Sunday, December 10, 2006

i guess i could proto-blog...

That's the trouble with starting things ahead of time. Or at least, if you're me. You get this insane urge just to start them, even if it would be premature, just like the urge to pick a scab. You keep justifying why you should go ahead and do what it is that you really want to do, and honestly, I think I'm just going to.

Of course, I can't start blogging according to my original conception of this whole thing (a repository of thoughts as I took my first steps as a conservatory student [which can't very well happen until I'm accepted to a conservatory, the factualness of which is unknowable at this point] with more of a bent towards technical details, since it would not only be useful for me [in serving as a pseudo journal] but may satisfy a niche in the blogosphere that I have yet to encounter).

However, since I can't seem to stop myself (omg, links! pretty pictures!), I might as well start writing little informal ditties and perhaps in my ramblings discover topics I hadn't really considered before. But first, a pretty picture. mmmmm

Anyhow. This Saturday was interesting. After filling out (mostly) the final domestic conservatory app, I decided to take in a movie I had planned on seeing a lot earlier, Copying Beethoven. I had gotten the feeling that the introduction of the fictitious Anna Holtz bothered some people, and to be honest, my knee-jerk reaction to musical biopics tends to be skepticism, buuuut I had read that the movers and shakers behind the movie were pretty firm in restricting the soundtrack to music actually written by Beethoven during the timeframe the move takes place (final year[s]), at least where a Beethoven piece is to be used.

So that meant, no Eroica, no 5th Symphony, no to a lot of things, and I was impressed that something that would seem like a fairly mundane, academic decision was held to. Melted some of the skepticism. Have to say that I rolled my eyeballs during the opening sequence (the movie plays out of order like Zeffirelli's Traviata movie: spoilers: Beethoven dies!) as it seemed kind of needlessly affected, but I became so caught up in the movie at certain points that the opening sequence makes sense at the end of the movie. Well-played gambit, I think. I actually surprised myself a little bit at how strongly I reacted -- tears, gulpy throat, flaring nostrils -- all of it. It's not without its flaws, and in retrospect, it seems kind of insubstantial. But while I was watching it, it was pretty great stuff.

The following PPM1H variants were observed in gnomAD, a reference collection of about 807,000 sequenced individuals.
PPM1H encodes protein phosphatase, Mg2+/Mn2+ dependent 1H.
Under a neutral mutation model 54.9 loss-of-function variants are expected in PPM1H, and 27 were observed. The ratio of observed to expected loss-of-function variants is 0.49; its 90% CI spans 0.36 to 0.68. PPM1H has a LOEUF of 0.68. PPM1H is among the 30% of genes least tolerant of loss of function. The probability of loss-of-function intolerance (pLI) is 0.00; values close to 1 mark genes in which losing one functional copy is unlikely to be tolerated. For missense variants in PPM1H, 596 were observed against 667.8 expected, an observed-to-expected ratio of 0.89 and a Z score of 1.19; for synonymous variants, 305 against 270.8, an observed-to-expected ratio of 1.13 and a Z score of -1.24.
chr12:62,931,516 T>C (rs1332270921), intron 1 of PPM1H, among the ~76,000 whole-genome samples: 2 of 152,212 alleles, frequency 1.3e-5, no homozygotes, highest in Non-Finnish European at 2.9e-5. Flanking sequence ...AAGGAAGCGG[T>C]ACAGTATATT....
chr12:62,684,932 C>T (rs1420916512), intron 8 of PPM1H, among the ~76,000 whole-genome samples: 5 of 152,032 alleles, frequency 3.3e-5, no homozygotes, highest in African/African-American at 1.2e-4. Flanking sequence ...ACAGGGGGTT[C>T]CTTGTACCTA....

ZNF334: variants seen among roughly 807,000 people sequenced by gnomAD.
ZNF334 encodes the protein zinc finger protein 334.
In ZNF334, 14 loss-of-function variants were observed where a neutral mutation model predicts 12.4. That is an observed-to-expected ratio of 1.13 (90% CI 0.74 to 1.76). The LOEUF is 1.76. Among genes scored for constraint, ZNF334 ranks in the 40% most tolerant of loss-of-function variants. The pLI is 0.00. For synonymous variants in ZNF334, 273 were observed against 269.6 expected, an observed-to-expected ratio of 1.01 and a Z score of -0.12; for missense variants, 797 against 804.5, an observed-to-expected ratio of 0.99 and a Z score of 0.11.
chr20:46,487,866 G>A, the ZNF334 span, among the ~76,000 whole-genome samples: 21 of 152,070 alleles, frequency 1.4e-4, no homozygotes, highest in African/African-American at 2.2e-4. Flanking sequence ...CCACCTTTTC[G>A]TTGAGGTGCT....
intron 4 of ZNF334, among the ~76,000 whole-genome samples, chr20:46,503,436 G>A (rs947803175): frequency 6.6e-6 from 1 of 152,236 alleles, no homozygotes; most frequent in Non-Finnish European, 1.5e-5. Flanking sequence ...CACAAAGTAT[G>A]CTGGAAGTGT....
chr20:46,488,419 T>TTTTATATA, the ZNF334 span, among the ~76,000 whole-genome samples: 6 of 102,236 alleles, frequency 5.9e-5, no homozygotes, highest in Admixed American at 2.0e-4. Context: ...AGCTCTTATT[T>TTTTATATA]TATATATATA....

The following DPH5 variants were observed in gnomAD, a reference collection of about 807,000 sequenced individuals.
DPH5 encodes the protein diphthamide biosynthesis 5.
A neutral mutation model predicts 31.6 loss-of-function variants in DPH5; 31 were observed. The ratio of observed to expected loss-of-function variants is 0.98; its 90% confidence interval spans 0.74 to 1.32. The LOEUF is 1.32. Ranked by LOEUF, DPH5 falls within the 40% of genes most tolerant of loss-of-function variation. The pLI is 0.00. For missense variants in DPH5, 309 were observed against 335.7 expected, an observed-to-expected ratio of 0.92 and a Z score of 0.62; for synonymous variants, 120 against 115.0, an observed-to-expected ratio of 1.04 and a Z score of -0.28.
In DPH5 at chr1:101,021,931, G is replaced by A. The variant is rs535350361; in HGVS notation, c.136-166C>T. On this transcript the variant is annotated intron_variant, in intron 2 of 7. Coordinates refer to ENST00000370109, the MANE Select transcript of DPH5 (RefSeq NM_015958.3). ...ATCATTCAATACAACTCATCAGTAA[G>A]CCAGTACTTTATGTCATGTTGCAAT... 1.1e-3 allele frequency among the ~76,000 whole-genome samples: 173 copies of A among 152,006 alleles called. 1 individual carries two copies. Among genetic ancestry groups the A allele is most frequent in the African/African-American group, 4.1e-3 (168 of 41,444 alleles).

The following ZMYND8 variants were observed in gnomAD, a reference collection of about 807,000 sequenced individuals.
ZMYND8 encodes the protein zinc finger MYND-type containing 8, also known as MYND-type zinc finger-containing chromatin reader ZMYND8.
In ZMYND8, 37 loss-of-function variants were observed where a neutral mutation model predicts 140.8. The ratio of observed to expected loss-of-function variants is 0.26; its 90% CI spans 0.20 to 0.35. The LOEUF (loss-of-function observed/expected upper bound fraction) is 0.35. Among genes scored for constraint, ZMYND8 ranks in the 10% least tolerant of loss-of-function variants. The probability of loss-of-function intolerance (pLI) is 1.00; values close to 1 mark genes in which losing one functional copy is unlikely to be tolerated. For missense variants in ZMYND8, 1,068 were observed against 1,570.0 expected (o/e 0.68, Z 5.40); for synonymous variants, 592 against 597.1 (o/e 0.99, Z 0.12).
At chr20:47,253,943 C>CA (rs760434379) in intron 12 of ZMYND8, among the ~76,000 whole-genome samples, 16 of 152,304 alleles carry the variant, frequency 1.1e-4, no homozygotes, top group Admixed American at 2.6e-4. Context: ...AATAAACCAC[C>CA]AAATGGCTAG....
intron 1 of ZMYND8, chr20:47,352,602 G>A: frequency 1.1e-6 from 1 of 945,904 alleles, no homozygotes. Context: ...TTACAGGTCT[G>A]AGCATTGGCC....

Then I went home and prompty fell asleep watching a VHS transfer of a Manon at NYCO from 1977 (Rudel/Sills, Henry Price -- hadn't heard of him before, but apparently went to American Opera Centre at Juuuuuuilliard and now teaches at Pepperdine, some other people, and Sam Ramey [!!!]). This is actually my first Manon, and I'm digesting it slowly -- I've just got the final act to go. I'm having the same sort of reaction to Sills (at least at this point in her career where the voice seems to harden a lot) as Maury D'annato seems to have with Anna Netrebko (the biggest difference is that I'm not experiencing Sills in house). The thing is, I really *liked* the voice before it calcified -- check out this youtube of Traviata (with Bastianini!)

In 1977, her stage presence is still remarkable. She's much more moving in Manon's introspection/regret than in the bubbly bubbly that characterizes much of Acts 1 and 2 (though, the seduction of [cute!] Price at Saint-Suplice is intensely lustful, which adds a lot more dimension to Manon than playing it for love would be, I think), though still wonderful to watch throughout. Henry Price has a very pleasing voice, with an elegant weave of sound. His French (particularly his vowels..."eh" [reaches for IPA symbols..] becomes more "ah", so lui-même becomes lui-ma'am. Maybe it's because I studied French and more attuned to its sounds, but even beyond comprehensibility of the text, I find that there's just so much more to enjoy in the sheer sound of the vowels and phonemes of a language. I suspect that virtually all composers of opera would have such a sensitivity to the simple aural pleasure of language (Louise's delicieusement), so it's always a shame to lose it, I think. Mmmm, the pleasure piggie hedonism of rubbing vowels together in your mouth between consonants... But other than a lack of heft for vocal ensembles or big orchestral moments, Price was beautifully ardent, and I'm sure his cherub's curls and handsome face don't hurt him in my sympathies.

But OMG, Sam Ramey. I thought a little uninflected, even if he is just singing Comte des Grieux, but it's kind of hard to resist cello-like timbre of his voice when he lets it out so naturally. Mmmmmmmm.

Alright, I think I've scrubbed enough for another ("first") post. Maybe I'll finish Manon tonight...though looking at the time, perhaps not.

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